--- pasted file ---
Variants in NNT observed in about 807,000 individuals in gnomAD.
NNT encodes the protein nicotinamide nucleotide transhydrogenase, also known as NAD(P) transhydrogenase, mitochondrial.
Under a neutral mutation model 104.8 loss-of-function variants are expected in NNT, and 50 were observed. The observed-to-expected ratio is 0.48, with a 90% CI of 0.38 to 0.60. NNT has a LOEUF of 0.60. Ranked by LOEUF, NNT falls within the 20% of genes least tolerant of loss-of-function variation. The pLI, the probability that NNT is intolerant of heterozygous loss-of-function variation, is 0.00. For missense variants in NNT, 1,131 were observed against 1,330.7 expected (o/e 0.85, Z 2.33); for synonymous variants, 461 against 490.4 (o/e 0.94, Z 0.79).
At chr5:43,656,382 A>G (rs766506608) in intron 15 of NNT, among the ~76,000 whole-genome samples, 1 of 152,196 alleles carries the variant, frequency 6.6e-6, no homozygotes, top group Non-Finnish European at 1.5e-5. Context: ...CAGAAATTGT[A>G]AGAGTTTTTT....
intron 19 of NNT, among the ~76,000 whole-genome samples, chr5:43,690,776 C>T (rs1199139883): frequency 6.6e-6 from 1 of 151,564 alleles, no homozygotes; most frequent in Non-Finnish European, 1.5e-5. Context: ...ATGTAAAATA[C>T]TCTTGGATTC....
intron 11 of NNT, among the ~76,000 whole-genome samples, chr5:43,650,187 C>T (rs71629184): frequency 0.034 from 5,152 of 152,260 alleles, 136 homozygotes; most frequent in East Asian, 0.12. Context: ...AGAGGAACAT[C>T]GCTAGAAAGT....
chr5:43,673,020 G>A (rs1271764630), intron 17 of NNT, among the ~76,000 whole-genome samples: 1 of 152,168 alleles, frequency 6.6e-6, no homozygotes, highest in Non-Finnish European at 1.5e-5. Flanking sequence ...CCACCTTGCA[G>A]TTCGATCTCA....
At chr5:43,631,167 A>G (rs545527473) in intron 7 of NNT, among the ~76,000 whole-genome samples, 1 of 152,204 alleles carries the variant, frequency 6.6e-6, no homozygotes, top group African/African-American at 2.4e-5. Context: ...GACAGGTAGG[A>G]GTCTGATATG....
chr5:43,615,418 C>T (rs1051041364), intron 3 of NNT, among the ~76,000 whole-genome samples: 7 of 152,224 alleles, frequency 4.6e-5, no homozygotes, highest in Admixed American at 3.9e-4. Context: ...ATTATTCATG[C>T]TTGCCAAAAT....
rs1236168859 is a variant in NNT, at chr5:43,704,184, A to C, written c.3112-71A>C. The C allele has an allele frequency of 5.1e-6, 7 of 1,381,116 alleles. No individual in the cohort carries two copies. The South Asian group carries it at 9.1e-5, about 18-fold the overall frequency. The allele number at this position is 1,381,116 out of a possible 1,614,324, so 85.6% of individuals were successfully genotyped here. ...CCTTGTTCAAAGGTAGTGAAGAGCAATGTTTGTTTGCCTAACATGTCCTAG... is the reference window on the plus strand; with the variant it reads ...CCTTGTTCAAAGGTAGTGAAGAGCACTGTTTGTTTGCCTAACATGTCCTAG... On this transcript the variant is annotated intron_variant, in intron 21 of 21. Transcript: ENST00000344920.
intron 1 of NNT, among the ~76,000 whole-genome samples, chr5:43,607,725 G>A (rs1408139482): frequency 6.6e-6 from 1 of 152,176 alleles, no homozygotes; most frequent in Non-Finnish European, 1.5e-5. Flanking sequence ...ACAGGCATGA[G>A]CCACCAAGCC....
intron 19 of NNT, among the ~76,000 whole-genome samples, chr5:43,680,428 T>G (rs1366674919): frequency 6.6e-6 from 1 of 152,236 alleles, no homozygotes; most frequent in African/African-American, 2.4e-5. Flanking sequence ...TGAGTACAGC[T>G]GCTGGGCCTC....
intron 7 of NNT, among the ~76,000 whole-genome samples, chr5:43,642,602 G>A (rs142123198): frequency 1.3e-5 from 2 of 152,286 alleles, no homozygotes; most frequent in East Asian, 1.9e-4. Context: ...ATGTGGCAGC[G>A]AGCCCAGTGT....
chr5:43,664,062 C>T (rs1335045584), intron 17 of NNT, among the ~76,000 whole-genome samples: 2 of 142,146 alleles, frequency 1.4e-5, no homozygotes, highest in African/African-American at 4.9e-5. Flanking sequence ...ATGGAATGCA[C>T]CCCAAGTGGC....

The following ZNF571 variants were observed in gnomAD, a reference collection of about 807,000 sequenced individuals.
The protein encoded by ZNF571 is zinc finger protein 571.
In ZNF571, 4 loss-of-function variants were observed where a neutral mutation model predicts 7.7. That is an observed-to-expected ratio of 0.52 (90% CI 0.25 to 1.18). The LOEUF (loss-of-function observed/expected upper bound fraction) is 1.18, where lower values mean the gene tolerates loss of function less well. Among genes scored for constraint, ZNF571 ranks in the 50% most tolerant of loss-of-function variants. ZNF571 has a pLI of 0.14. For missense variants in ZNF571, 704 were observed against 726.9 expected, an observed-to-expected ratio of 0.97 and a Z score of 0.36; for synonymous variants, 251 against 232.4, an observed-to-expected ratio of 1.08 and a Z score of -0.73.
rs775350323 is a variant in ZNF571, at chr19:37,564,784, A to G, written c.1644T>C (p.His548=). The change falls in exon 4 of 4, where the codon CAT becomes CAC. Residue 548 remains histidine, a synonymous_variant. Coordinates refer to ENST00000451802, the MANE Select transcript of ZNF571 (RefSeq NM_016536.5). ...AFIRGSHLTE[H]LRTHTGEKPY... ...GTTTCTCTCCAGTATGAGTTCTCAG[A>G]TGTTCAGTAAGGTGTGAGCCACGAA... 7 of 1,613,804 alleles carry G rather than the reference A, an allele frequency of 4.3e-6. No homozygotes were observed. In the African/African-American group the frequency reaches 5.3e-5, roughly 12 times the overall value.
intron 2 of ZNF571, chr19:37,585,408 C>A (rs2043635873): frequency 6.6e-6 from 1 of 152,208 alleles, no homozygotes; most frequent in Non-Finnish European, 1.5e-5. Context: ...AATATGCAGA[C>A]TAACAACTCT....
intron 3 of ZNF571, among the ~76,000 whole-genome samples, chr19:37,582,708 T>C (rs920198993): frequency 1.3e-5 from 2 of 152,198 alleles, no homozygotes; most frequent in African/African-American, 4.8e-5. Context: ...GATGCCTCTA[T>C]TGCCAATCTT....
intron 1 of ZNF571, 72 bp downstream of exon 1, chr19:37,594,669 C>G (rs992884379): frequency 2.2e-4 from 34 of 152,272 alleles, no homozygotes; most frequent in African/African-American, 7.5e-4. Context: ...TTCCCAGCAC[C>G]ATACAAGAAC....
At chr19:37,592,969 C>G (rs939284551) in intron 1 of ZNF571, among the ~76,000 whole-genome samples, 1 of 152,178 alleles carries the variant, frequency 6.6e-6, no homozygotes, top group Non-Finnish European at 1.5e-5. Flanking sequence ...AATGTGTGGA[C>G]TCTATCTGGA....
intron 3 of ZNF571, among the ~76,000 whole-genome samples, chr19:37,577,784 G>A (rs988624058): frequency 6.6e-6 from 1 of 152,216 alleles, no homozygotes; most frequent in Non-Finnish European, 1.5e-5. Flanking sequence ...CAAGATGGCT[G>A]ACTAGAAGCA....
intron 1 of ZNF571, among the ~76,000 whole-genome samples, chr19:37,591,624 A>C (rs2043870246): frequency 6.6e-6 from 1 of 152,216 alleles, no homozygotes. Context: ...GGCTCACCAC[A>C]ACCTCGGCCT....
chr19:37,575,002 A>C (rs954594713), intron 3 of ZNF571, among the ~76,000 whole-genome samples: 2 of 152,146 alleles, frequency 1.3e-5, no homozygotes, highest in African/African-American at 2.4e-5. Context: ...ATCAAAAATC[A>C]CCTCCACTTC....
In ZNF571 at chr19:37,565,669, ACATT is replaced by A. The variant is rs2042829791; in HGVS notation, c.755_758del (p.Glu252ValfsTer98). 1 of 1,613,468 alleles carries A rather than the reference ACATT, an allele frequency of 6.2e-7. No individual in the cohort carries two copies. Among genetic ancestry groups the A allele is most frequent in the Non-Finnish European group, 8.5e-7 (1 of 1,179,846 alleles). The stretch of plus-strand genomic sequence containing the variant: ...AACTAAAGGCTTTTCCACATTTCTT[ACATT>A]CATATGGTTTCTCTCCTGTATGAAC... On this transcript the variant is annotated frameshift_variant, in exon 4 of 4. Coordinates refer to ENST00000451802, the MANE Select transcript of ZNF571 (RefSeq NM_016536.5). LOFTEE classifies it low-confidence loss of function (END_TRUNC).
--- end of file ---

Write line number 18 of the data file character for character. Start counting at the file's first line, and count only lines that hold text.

rs775350323 is a variant in ZNF571, at chr19:37,564,784, A to G, written c.1644T>C (p.His548=). The change falls in exon 4 of 4, where the codon CAT becomes CAC. Residue 548 remains histidine, a synonymous_variant. Coordinates refer to ENST00000451802, the MANE Select transcript of ZNF571 (RefSeq NM_016536.5). ...AFIRGSHLTE[H]LRTHTGEKPY... ...GTTTCTCTCCAGTATGAGTTCTCAG[A>G]TGTTCAGTAAGGTGTGAGCCACGAA... 7 of 1,613,804 alleles carry G rather than the reference A, an allele frequency of 4.3e-6. No homozygotes were observed. In the African/African-American group the frequency reaches 5.3e-5, roughly 12 times the overall value.